The CKB consensus protocol is a variant of Nakamoto Consensus, which raises its performance limit and selfish mining resistance while maintaining all of its merits. By eliminating the bottleneck in Nakamoto Consensus (NC) block propagation latency, the CKB consensus protocol supports very short block intervals without making any security sacrifices.
Though new BFT protocol families have been proposed following NC, comparatively they often demand significant communication overhead to certify certain nodes have witnessed a block.
Bitcoin's Nakamoto Consensus (NC) is well-received due to its simplicity and low communication overhead. It does however, suffer from two kinds of drawbacks: 1) Its transaction processing throughput is limited to roughly 10 transactions per second 2) It is vulnerable to a selfish mining attack, in which attackers can gain greater block rewards by deviating from the protocol's prescribed behavior
Two parameters collectively cap system throughput in Bitcoin: 1) the maximum block size; 2) the expected block interval
Bitcoin enforces an upper bound on block size of roughly 4MB and targets a 10-minute block interval, translating to roughly 10 transactions per second (TPS).
Increasing throughput When increasing throughput, increasing the block size leads to longer block propagation latency and reducing the block interval leads to more frequent block generation events. Both of these approaches raise the fraction of blocks that are generated during the time competing blocks are being propagated, thus raising the fraction of competing blocks.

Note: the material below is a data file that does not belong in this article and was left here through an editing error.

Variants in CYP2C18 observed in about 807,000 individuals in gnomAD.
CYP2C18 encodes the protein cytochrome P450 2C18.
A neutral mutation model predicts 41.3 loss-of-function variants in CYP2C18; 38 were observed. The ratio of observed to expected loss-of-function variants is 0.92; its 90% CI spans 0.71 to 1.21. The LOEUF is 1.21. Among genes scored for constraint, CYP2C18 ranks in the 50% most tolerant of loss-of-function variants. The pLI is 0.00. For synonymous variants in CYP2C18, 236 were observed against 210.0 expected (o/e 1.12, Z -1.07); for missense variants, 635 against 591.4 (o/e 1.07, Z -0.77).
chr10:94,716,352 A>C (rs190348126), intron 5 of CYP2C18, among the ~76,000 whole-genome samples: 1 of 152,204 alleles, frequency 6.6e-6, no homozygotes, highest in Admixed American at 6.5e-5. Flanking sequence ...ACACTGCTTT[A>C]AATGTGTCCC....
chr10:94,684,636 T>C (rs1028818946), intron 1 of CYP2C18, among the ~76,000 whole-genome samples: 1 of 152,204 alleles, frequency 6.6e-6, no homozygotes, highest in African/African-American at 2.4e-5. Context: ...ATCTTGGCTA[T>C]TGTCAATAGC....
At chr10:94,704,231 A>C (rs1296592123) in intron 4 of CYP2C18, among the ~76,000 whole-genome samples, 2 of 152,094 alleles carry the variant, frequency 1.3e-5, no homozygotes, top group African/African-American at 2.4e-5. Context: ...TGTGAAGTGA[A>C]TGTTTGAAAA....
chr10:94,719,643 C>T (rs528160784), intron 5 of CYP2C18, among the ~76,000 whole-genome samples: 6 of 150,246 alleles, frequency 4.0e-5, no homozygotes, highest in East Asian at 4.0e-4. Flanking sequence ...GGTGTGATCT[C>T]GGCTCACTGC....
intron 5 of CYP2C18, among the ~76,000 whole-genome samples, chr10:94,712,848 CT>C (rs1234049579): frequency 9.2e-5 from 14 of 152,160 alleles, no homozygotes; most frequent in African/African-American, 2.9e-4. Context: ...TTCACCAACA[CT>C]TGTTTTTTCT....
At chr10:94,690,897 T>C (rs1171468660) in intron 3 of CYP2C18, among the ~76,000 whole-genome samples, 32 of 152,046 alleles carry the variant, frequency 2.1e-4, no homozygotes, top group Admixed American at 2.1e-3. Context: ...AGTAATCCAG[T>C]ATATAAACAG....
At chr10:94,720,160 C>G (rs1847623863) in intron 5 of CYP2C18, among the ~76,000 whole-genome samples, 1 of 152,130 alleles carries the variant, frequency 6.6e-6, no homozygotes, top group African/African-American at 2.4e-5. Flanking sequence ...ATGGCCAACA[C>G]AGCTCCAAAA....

Because only one block will contribute to transaction confirmation in Nakamoto Consensus, nodes waste bandwidth propagating other orphaned blocks, and the system's effective throughput is limited.
In this system, an increase in orphan rate degrades system security, as the system's total hash power is divided among multiple very short forks. Difficulty is adjusted according to the amount of hash power directed at the canonical chain. As orphan rate rises attackers are provided the opportunity to produce an alternate chain by matching only the work that has gone into the canonical chain.
Selfish miners with sufficient hash power can deliberately orphan other miners blocks and over time collect block rewards in excess of their share of total system hash power.
Researchers observe that the unfair profit opportunity presented by selfish mining is rooted in the difficulty adjustment mechanism of Nakamoto Consensus (link), which neglects orphaned blocks when estimating the network's computing power.